by VICE News
The body of three-year-old Alan Kurdi has been laid to rest in the Syrian town of Kobane on Friday, alongside his brother and mother, who also died trying to reach Greece.
The shocking photographs of the drowned Syrian child, washed up on a beach near Bodrum, Turkey, have sparked international outcry this week. The images have reignited the debate as to how to help those fleeing from war and how to solve the European refugee crisis, where thousands have died trying to reach Europe by sea.
The child’s father, Abdullah Kurdi, buried his family in the ‘Martyrs’ Ceremony’ in the predominantly Kurdish town, near the border with Turkey.
Speaking at the border crossing, he called upon neighboring Arab countries to help Syrian refugees. Kurdi said: “What I want now is for Arab states, not the European ones, the Arab states, to see what happened to my children.”
In an interview with the BBC, Kurdi described how he lost his family at sea when the boat they were travelling by capsized: “I tried to steer the boat but another high wave pushed the boat over. That is when it happened,” he said.
“My children were the most beautiful children in the world. Is there anybody in the world for whom their child is not the most precious thing?”
It was initially reported that the Kurdi family was refused entry into Canada, yet an aunt in Vancouver clarified that she had tried to sponsor other relatives first.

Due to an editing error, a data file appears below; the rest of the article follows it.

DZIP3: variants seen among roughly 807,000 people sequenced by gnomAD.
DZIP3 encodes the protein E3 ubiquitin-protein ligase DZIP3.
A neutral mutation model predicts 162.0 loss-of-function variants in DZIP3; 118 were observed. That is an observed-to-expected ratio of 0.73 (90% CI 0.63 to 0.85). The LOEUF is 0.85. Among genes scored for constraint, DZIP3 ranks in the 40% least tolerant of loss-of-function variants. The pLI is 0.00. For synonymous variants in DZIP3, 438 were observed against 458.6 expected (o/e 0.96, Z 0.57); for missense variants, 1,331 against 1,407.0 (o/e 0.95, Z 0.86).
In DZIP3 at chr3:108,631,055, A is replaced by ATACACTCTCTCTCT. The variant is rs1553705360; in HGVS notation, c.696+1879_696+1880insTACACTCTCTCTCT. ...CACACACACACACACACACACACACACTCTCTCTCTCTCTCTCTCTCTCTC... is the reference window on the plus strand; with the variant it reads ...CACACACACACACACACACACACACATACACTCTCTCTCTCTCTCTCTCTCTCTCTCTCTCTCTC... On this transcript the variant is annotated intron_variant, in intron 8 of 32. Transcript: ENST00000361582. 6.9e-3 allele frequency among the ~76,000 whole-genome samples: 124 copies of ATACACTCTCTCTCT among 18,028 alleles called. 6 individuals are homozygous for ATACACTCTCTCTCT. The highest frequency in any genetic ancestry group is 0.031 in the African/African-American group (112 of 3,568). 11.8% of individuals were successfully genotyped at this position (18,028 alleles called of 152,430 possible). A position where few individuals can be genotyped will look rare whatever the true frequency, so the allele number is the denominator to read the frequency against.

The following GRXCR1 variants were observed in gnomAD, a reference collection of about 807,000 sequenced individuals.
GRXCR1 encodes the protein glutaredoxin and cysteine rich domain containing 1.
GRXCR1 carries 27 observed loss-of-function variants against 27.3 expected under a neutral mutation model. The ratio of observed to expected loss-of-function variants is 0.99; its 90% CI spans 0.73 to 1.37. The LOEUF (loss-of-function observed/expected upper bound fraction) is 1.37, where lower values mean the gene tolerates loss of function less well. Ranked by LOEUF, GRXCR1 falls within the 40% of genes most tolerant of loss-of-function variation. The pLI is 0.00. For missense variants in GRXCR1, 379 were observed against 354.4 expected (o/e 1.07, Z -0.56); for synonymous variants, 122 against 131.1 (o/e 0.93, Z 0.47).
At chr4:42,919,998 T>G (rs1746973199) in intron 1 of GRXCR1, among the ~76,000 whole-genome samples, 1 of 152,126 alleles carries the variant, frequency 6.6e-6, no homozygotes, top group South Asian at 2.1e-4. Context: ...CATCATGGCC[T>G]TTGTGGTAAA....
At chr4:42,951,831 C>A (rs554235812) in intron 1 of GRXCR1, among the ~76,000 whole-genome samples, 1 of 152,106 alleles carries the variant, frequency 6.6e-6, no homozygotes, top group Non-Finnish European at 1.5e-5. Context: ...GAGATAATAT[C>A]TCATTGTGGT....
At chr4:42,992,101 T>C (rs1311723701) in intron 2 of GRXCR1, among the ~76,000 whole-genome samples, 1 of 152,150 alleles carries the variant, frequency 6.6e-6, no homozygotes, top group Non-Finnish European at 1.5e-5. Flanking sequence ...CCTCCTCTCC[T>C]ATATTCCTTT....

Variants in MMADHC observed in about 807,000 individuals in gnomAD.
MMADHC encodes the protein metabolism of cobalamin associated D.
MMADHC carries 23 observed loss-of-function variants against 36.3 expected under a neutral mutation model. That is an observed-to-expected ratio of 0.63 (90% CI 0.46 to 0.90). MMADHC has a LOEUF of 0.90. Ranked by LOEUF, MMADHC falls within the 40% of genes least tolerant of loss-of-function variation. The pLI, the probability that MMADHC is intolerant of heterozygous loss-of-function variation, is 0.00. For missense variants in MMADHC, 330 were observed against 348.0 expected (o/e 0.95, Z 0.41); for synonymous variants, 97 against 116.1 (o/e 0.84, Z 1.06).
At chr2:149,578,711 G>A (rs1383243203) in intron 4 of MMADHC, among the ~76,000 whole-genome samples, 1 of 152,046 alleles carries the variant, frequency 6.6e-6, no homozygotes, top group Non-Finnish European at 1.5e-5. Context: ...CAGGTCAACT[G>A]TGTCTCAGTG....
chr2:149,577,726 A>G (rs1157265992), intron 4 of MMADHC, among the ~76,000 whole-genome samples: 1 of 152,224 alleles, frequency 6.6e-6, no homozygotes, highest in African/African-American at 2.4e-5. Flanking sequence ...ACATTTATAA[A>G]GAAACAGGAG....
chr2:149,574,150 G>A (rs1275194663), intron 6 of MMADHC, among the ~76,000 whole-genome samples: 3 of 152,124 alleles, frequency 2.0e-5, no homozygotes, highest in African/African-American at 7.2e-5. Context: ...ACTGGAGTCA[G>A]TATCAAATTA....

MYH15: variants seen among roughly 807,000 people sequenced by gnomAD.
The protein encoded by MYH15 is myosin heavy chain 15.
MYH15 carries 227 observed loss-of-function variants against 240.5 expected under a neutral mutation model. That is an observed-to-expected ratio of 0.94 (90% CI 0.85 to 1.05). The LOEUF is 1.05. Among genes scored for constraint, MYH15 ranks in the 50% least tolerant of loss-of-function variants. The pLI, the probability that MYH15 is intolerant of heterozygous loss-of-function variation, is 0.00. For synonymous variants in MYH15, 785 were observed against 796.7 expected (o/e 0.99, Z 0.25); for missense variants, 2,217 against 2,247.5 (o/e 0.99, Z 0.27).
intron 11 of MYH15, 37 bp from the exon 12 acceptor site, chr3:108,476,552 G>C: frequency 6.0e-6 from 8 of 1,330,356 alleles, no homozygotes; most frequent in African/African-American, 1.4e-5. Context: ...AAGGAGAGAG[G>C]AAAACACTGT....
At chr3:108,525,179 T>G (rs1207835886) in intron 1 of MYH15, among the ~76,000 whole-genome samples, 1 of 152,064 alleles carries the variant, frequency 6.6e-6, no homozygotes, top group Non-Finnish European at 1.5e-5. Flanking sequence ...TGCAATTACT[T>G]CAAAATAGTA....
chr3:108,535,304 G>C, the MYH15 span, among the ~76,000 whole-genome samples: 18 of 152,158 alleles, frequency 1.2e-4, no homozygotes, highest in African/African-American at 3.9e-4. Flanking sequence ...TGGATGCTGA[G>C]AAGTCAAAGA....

Conservative Canadian Prime Minister Stephen Harper expressed his condolences to the family during a speech on Thursday, and promised to “do more” if re-elected: “We should be doing everything, we are doing everything and and we will do more of everything,” he said.
Yet opposition Liberal leader Justin Trudeau retorted: “You don’t get to suddenly discover compassion in the middle of an election campaign. You either have it or you don’t.”
Other world leaders have also been criticized for not taking in more Syrian refugees, including British Prime Minister David Cameron. He has now vowed to accept “thousands” more people from UN camps bordering Syria.
On Friday, the UN refugee agency announced that Britain will accept 4,000 refugees from Syrian camps.